Tuesday, January 5, 2016

An early jet I didn't know existed

I knew about early experimental jet aircraft such as the British Gloster E.28/39 and the German Heinkel He 178, but I didn't know that Italy also developed a "sort-of-jet" aircraft - the Caproni Campini N.1.  Wikipedia describes its propulsion as follows.

As designed by Campini, the aircraft did not have a jet engine in the sense that we know them today. Rather, a conventional 900 hp (670 kW) Isotta Fraschini L.121 RC.40 12-cylinder liquid-cooled piston engine was used to drive a three-stage variable-incidence compressor, which forced air into a combustion chamber where it was mixed with fuel and ignited. The exhaust produced by this combustion was to drive the aircraft forward. Campini called this configuration a "thermojet," but the term "motorjet" is in common usage today. It has also been described as a ducted fan.

Here's film of the Campini N.1's development and trials.

There's only one prototype still in existence, in an Italian museum.  I'd love to see it sometime.



Rusty Gunner said...

When I was flying sailplanes in the 1970s, Caproni made a glider with a little turbojet for auxiliary power, the model was the A21J. I think there are some videos of it on YouTube.

David Lang said...

This isn't a Ducted Fan because they added fuel to the airflow and burned it for increased thrust.

This is a jet, but using a piston engine instead of a turbine in the exhaust to power the compressor stage.

Thinking about it, this isn't even an unreasonable thing for those days. The early jets had a really hard time starting, and throttle response was very poor (adding fuel didn't cause the engine to spin faster immediately, think really horrible turbo lag). Using a traditional engine to run the compressor stage gave them the ability to start like a traditional aircraft, and should have given them throttle response similar to traditional aircraft.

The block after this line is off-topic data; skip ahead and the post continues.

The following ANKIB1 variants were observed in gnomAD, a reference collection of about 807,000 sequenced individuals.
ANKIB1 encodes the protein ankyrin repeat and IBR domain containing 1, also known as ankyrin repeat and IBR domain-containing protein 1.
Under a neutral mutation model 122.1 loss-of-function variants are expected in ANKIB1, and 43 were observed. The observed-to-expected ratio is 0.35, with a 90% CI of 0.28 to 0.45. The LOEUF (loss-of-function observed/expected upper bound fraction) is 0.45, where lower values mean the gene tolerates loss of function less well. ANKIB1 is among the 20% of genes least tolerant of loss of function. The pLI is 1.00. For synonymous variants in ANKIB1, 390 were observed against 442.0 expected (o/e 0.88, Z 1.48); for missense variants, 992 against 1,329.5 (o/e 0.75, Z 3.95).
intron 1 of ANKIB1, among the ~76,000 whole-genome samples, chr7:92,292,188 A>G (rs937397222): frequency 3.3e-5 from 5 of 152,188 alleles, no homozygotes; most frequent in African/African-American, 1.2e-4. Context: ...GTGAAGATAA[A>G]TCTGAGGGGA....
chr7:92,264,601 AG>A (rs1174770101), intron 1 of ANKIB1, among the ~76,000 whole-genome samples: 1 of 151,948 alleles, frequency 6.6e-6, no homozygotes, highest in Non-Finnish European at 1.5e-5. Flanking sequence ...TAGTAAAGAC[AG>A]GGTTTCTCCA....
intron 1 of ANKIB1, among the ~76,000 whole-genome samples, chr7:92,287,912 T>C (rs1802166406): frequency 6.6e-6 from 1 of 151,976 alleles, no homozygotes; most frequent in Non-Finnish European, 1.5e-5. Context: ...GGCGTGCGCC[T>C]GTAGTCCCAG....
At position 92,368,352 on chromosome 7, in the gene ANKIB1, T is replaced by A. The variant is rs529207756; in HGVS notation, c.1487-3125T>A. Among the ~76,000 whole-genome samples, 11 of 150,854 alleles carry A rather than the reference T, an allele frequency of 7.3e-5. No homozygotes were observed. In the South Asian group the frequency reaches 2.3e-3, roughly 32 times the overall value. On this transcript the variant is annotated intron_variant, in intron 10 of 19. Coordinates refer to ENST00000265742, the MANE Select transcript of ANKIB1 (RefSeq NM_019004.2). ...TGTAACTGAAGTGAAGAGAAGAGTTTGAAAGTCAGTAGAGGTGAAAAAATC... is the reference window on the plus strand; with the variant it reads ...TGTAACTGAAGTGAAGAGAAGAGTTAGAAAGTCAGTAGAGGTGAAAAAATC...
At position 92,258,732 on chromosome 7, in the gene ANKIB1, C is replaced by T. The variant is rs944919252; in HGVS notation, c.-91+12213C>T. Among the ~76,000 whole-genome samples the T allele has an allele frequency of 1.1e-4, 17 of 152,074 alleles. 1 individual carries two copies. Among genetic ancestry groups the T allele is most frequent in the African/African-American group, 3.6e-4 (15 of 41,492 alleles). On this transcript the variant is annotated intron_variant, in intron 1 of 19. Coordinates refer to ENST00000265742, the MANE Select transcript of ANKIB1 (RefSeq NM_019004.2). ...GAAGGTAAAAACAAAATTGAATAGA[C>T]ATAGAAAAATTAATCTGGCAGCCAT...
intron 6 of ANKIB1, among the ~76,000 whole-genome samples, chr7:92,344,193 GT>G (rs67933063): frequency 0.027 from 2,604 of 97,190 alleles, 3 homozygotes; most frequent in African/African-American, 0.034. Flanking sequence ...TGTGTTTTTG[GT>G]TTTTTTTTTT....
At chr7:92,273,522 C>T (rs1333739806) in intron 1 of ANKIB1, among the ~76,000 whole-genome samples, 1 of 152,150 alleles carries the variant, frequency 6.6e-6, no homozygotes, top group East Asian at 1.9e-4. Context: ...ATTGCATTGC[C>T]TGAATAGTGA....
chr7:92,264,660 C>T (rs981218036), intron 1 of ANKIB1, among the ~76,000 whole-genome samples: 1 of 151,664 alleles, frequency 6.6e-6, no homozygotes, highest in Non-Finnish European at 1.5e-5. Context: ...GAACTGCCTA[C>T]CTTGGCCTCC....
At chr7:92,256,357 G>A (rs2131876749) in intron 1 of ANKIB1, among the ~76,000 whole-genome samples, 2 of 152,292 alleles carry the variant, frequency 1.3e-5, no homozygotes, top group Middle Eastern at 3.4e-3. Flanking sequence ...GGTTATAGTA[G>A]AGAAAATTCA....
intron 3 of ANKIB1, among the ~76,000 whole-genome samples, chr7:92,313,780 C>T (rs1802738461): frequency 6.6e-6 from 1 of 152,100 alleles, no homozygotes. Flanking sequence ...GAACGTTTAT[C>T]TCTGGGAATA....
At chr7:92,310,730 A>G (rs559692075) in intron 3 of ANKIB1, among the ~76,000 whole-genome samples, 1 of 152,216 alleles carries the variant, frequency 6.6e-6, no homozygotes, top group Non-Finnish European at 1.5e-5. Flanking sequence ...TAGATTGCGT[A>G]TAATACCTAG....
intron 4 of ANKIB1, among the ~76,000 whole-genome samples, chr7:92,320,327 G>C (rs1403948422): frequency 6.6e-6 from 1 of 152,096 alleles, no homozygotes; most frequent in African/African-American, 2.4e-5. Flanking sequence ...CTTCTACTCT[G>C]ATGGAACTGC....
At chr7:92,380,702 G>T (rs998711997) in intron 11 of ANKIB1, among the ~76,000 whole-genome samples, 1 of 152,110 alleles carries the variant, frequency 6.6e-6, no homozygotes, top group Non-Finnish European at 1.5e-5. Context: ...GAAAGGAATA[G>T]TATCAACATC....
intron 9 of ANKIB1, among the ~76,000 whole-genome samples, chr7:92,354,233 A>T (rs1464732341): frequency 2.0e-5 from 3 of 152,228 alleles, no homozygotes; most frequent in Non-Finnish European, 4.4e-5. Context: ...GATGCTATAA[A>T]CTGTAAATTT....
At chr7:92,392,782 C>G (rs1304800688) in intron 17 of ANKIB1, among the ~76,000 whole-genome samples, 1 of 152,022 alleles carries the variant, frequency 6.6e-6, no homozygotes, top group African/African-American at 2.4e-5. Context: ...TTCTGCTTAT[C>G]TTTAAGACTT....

They don't say what the final output of the engine was, that would be interesting to learn.

Anonymous said...

The video seems to show that the aircraft's tail was removed for engine starting, then installed for flight. ("Hey Vito, make sure you get all those bolts!")

Don in Oregon

Will said...

I'm not sure that that was implied by the film. Doesn't make sense, anyway. The only thing that is needed to start on the ground was the piston engine. I'm wondering if those flames were actually the exhaust stacks from the IC engine, and that it is dumped into the compressor/tailpipe. Unless running a turbo, the exhaust is wasted energy, and as rich as the mixture tended to be on that vintage of aircraft, adding it to the compressor stream would be useful.

It wasn't clear in wiki if the performance numbers were just with the IC engine alone, or with the compressor lit off. I suspect it was just engine only, as the numbers are similar to the distance mail run that was flown as just a ducted fan.

I'm guessing that dealing with the heat developed in the compressor/tailpipe assembly was what kept them from continuing with the design. If the Germans couldn't get the exotic metals needed, I'm sure the Italians were in the same boat.